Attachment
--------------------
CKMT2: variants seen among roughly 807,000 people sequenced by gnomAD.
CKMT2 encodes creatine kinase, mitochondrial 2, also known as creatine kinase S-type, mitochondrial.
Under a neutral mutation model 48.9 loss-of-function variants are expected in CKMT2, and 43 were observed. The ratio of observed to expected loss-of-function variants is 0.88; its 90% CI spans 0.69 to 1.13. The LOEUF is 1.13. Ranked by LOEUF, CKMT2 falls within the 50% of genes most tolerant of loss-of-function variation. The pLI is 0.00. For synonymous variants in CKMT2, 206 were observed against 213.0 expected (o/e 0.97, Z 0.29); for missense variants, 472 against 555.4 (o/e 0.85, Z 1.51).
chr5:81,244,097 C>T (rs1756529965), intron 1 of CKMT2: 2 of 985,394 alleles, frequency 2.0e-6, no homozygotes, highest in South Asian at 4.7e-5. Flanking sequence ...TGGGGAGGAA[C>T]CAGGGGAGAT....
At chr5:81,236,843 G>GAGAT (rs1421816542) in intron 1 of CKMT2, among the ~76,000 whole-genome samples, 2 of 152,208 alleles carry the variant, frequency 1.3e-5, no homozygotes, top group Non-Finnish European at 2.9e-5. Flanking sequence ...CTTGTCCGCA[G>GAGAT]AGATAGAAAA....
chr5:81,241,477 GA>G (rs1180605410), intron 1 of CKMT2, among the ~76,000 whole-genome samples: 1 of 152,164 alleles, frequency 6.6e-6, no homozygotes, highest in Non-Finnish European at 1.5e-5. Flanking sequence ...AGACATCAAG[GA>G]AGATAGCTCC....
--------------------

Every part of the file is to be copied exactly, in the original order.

CKMT2: variants seen among roughly 807,000 people sequenced by gnomAD.
CKMT2 encodes creatine kinase, mitochondrial 2, also known as creatine kinase S-type, mitochondrial.
Under a neutral mutation model 48.9 loss-of-function variants are expected in CKMT2, and 43 were observed. The ratio of observed to expected loss-of-function variants is 0.88; its 90% CI spans 0.69 to 1.13. The LOEUF is 1.13. Ranked by LOEUF, CKMT2 falls within the 50% of genes most tolerant of loss-of-function variation. The pLI is 0.00. For synonymous variants in CKMT2, 206 were observed against 213.0 expected (o/e 0.97, Z 0.29); for missense variants, 472 against 555.4 (o/e 0.85, Z 1.51).
chr5:81,244,097 C>T (rs1756529965), intron 1 of CKMT2: 2 of 985,394 alleles, frequency 2.0e-6, no homozygotes, highest in South Asian at 4.7e-5. Flanking sequence ...TGGGGAGGAA[C>T]CAGGGGAGAT....
At chr5:81,236,843 G>GAGAT (rs1421816542) in intron 1 of CKMT2, among the ~76,000 whole-genome samples, 2 of 152,208 alleles carry the variant, frequency 1.3e-5, no homozygotes, top group Non-Finnish European at 2.9e-5. Flanking sequence ...CTTGTCCGCA[G>GAGAT]AGATAGAAAA....
chr5:81,241,477 GA>G (rs1180605410), intron 1 of CKMT2, among the ~76,000 whole-genome samples: 1 of 152,164 alleles, frequency 6.6e-6, no homozygotes, highest in Non-Finnish European at 1.5e-5. Flanking sequence ...AGACATCAAG[GA>G]AGATAGCTCC....